Temple after temple after temple. An eyeful of palace and pavilions plus China’s mid-afternoon summer sun makes me thirsty for a body of water! Ah, a ferryboat ride across the Kunming Lake in the Summer Palace would be a favorable break. So, from the grandeur of the Inner City, we head off northwest of Beijing sometime between a hearty Szechuan lunch and digestion. Second of two parts of CUFE group’s first touring day with Jing (as in Beijing).
And the Error 99? Well it’s just the dead Emperors’ way of saying “yo, give a damn!” I mean, photography lovers they are the most deprived creatures on this planet. They spend most of their lives living in a viewfinder. And the only time they can smell the roses is when something pops up from their hole. Like an Error 99.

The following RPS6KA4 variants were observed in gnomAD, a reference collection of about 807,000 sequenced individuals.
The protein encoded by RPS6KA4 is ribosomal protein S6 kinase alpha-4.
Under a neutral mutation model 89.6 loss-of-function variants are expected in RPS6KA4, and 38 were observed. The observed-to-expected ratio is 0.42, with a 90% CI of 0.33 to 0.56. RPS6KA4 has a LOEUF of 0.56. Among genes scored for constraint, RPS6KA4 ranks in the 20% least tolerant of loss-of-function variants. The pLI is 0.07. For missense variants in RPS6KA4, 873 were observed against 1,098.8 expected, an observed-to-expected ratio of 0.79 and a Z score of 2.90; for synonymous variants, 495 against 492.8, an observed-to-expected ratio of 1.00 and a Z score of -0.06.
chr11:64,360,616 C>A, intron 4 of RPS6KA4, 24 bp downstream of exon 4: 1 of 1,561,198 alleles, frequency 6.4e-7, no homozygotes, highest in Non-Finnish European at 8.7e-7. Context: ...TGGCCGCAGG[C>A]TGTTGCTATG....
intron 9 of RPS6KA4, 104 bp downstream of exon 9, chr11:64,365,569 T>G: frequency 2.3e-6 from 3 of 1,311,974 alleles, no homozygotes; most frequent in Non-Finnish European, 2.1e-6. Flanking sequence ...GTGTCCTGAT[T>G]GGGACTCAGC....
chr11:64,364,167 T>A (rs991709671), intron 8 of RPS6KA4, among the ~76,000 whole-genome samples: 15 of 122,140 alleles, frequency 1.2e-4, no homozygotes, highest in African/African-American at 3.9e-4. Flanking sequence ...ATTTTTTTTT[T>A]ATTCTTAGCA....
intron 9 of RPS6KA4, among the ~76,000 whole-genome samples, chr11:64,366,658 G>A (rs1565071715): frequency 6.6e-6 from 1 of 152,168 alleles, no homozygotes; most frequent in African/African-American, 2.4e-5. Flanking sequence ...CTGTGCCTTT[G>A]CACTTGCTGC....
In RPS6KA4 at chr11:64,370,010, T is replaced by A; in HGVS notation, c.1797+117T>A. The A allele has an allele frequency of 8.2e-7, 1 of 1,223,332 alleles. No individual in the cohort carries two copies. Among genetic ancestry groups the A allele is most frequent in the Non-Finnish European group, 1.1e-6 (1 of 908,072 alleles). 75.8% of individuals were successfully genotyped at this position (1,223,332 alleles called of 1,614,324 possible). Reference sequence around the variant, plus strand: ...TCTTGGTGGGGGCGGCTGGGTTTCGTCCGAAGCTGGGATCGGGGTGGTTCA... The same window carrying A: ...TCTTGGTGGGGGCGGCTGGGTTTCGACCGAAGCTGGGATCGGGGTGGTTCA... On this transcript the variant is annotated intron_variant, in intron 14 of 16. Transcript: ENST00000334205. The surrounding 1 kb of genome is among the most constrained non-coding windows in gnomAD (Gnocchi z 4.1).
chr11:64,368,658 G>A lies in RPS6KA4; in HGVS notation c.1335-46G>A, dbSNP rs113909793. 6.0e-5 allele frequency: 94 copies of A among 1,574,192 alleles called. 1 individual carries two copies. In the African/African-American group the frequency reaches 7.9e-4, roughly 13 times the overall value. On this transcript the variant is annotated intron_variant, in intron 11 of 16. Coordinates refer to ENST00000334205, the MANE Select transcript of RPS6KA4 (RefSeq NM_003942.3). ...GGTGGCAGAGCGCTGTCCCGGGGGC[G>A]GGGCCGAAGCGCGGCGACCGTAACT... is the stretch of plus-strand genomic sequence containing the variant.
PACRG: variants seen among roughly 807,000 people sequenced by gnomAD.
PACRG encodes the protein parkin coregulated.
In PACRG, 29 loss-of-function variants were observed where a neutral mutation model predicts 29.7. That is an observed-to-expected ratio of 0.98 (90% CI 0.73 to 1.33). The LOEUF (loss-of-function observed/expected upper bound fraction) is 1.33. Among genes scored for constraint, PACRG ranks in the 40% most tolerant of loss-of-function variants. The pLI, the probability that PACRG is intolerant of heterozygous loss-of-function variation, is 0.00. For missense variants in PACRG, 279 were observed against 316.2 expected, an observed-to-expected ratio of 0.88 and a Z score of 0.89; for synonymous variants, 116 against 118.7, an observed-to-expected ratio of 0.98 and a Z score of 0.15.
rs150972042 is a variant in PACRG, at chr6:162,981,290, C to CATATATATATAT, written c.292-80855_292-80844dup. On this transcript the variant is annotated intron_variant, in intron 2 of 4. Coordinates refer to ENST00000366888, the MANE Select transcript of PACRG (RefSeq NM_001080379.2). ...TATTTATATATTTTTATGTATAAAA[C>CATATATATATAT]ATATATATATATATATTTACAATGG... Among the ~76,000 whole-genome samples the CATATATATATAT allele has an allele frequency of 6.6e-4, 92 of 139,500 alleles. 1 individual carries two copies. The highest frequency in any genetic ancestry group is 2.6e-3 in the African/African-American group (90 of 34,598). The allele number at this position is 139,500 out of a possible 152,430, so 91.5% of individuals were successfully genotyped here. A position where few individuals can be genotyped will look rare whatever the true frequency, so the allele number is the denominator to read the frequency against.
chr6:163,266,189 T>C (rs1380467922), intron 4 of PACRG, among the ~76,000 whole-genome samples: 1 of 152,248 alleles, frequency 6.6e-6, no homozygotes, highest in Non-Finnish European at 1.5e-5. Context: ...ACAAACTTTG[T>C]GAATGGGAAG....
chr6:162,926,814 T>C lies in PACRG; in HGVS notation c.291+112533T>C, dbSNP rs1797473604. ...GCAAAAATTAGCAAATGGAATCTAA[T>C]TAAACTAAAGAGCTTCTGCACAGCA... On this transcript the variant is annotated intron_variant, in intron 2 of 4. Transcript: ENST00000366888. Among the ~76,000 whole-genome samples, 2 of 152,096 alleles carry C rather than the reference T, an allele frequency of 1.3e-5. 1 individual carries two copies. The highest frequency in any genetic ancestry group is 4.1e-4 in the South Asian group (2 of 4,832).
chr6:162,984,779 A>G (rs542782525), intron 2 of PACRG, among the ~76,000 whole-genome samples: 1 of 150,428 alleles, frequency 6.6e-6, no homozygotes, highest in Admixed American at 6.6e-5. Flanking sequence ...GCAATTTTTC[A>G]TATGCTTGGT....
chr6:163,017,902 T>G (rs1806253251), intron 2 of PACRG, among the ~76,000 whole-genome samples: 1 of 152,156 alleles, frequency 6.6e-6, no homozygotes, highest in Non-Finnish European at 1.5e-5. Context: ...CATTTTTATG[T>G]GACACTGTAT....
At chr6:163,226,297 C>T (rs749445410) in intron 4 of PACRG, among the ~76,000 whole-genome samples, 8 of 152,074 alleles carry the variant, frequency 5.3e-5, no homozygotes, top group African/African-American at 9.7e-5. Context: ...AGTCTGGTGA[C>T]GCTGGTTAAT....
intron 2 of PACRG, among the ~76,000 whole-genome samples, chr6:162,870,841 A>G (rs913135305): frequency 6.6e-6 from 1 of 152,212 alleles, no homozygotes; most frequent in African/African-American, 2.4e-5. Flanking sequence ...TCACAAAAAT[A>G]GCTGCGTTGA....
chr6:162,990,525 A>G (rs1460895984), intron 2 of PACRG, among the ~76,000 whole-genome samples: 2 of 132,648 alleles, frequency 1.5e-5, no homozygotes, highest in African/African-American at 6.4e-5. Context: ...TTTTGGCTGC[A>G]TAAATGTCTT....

In Kunming Lake, I found the occasion to smell the “roses” while the 400D hangs loose around my neck. But not all the time.
Seemed like every tourist destination in China is swarming with rubbernecks. To escape the crowd, we paced from the East Palace Gate to the Yulan Hall, took a glance at some lotuses at the Yiyun Hall and to the Long Corridor and finally to the Shizhang Pavilion for the ferryboat ride to Nanhu Isle before crossing the 17 Arch Bridge. whew!
Whatever the Emperor puts up, people have to swing by. In hundred thousands. Much better to smooth along Kunming Lake far and wide than to exchange faces with the throngs of day-trippers on the pavilions.
What really caught my attention was The Seventeen Arch Bridge or Shiqi Kong Qiao. This 150 meter long bridge links the east bank to the Dragon King’s Temple in the Nanhu Isle. It is the longest bridge in any Chinese imperial garden and was named for its seventeen arches. Over 500 stone lions in different poses were carved on the posts of the bridge’s railings. Four strange animals were carved at both ends of the bridge; they are outstanding examples of Qing Dynasty stone carving skills.